First off, all three models sounded very good. They all have a nice wide frequency response, and they are all pretty efficient and handle ‘loud’ very well. The one thing I feared was that they would all sound pretty much the same and I’d have to write at length about the differences in shape or weight... However the E40, E50 and E70 do not sound the same and each is likely to appeal to potential users in different ways. The E40 is the entry-level model in the range, being by far the most affordable; it produced a well-balanced and pleasing sound with plenty of bass, and nice crisp highs which personally I would want to tone down slightly for my taste. Everything was present in detail, and the isolation (with the correct size eartips) was impressive. I fed the E40s from various sources including my live monitor rack, the studio foldback amp, and some portable devices including an iPod and a phone. When used with the live rig and studio amps they demonstrated an ability to get very loud without getting all blurred and smeary in the top end, and whilst the bass is strong at low levels it didn’t get all flabby when I turned it up. A good point about these in-ears is that because their push-pull motor is so efficient they will produce a more than respectable listening level from an iPod, which doesn’t have the most powerful headphone amp on the block.
And so on to the E50 model, which uses a single balanced armature and a slimmer, more elongated housing. I was expecting these to sound somehow ‘better’ but I wasn’t expecting them to sound so much better in every respect! The bass was lovely and tight, the top end was just as clear and bright, but the vocals and general mid-range were much more forward, with a remarkable degree of clarity and warmth. I particularly noticed a change in balance between the vocals and piano chords in the first verse of an old ‘70s disco classic ‘Rock The Boat’ — the E40s gave me more piano above the male vocal, whereas the E50s put the vocal in front with nice rich backing from the piano; others may hear it differently but that’s what jumped out at me. The E50 headphones gave me exactly the balance I have always heard from all of this music listening on decent speakers in a decent room, or listening live — and I did include orchestral (and even Black Dyke Mills Band) material in my own listening test.
The difference I found when switching to the E70 in-ears was of a different kind. They exhibited the same warmth, balance and superb clarity, but there was an additional dimension to the sound, with more detail apparent, especially listening to ambient recorded sounds such as reverb tails from both studio-generated sources and real-world spaces — fabulous atmosphere on RoseWynde’s ‘Countess Cathleen’ for example. Listening with the E70s was about the closest thing I’ve experienced to being there in the room with the performers, provided that I adjusted the volume to match what I’d expect from a live performance. Whether the extra detail provided by the triple-BA design is something that can be fully appreciated in the monitor mix on a live stage probably depends on the material being performed, but both the E50s and E70s provide a very ‘real’ live quality, which is so important when using in-ear monitors that have good isolation. A design as good as this might even discourage some artists from removing one of the earpieces so that they can ‘hear the stage’ (and then complaining that there’s no bass in the foldback...).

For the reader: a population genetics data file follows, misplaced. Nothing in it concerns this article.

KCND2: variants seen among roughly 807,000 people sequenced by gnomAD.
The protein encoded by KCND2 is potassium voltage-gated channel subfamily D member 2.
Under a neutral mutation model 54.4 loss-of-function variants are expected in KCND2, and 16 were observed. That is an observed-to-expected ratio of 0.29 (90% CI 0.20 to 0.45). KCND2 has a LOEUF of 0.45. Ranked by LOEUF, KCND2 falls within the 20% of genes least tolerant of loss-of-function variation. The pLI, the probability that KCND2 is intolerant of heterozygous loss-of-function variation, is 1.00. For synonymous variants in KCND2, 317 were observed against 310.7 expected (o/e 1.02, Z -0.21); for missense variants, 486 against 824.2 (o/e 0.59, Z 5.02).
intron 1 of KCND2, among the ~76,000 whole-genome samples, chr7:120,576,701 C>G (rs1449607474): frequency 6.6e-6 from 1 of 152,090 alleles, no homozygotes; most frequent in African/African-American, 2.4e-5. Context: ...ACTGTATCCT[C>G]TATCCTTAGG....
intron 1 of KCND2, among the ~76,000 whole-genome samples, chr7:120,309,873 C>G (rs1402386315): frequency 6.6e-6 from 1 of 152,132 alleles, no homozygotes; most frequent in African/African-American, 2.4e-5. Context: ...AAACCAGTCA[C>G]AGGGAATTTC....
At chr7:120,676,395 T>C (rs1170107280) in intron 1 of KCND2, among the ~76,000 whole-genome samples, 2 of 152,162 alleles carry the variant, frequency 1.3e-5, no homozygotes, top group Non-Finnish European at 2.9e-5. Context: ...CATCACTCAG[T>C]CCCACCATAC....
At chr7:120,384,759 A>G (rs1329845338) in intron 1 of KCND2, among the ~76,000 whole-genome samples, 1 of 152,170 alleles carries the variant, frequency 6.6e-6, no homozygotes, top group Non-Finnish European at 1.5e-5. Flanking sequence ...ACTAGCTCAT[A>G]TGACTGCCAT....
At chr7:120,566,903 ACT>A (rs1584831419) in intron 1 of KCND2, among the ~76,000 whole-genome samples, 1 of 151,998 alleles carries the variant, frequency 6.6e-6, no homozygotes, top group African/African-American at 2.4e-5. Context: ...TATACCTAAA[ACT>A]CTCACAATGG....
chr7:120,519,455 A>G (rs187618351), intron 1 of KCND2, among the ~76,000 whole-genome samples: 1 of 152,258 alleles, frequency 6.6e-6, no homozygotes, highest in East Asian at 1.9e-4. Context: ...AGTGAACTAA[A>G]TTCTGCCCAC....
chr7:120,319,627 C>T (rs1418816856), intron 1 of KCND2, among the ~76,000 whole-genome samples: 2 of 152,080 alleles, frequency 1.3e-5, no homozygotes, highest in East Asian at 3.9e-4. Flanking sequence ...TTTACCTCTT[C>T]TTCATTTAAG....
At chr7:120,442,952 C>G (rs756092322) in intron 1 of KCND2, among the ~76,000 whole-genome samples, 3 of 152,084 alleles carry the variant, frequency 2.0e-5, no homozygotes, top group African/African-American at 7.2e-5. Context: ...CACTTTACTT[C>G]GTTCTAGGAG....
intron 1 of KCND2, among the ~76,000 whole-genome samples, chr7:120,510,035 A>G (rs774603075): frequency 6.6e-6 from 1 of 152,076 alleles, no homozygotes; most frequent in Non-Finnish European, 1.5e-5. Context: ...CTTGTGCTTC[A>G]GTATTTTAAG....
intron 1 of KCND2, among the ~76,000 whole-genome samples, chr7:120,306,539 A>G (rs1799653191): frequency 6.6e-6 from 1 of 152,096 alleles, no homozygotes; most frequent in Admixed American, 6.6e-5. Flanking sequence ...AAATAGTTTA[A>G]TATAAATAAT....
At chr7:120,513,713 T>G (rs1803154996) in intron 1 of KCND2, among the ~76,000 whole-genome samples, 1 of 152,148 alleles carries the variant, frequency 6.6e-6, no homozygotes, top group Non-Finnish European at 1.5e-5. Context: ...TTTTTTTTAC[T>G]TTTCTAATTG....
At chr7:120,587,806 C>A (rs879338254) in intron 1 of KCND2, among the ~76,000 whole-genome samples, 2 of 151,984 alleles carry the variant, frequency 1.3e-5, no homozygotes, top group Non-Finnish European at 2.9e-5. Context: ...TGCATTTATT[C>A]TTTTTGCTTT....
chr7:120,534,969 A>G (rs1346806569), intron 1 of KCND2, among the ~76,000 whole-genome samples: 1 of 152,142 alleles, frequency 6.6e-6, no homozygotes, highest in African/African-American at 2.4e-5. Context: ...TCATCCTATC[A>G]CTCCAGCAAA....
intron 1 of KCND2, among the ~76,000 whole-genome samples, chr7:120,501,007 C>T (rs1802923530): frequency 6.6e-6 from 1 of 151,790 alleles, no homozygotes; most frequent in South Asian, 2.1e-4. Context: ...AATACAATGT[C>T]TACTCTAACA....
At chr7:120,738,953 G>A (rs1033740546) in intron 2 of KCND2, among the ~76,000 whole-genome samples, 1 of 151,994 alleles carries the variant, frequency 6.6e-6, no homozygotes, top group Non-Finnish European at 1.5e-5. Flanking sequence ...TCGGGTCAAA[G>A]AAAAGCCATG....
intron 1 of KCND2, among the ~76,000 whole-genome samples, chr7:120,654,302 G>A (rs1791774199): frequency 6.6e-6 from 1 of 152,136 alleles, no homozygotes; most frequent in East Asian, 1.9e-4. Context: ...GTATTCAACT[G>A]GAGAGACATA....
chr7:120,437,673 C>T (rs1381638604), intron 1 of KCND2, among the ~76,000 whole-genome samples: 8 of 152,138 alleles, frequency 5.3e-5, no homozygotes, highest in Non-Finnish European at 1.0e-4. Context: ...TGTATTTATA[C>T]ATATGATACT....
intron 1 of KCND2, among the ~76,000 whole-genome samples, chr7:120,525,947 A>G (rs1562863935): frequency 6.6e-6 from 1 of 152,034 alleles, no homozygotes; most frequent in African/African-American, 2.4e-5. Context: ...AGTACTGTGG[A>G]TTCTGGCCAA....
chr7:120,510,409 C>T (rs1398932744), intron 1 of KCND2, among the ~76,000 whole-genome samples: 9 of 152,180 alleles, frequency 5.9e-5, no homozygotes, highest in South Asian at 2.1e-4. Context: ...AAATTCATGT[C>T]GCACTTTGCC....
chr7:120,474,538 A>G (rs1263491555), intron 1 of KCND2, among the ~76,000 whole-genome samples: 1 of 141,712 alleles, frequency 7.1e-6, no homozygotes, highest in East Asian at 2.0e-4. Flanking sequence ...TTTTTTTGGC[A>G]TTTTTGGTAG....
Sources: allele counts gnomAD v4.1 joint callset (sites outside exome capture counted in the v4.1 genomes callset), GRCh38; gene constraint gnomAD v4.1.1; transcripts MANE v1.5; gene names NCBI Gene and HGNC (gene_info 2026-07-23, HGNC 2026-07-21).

The feel-good factor of the IEM Series is further enhanced by the quality of the accessories, including a great little zipper case which has ample space to hold the earphones and the spare eartips. The silicone eartips themselves are very effective, and the generous range of sizes supplied should accommodate most humans and elves. The E70s also come with a set of ‘Comply’ closed-cell foam eartips, which I found best of all — they give excellent isolation, comfort and ‘sticking power’; they mould easily to fit the outer ear, and have a slightly tacky finish that reminded me of the glaze you get on a hot cross bun, kind of tacky but not sticky if get my meaning. I’ve certainly never come across anything better. The E70 has a slightly more flexible cable which resists kinking, and all three versions benefit from the detachable cables because the joint can swivel and so allow precise alignment of the earpieces, eliminating cable strain into the bargain.
I asked the aforementioned singer to try the IEM Series in the studio, monitoring his vocals and guitar whilst I played a backing track over the live-room monitors at a hefty level. The verdict on the E40s was ‘very good’, and on the E50s and E70s it was unfortunately unprintable, but wholly positive — very much in line with my opinion.
You have to try these out. I like the E40 headphones, they perform very nicely, are sturdy and well made, and the replaceable cables and swappable eartips are very attractive features. I love the E50s and would happily wear them all day long or offer them up to a high-paying artist either live or in the studio. And if I’d had a good month, I’d spend the extra on some of the E70s just because they’re the best.
Most of the established headphone brands, including Shure, Sennheiser, AKG and others, make in-ear monitors across a range of prices.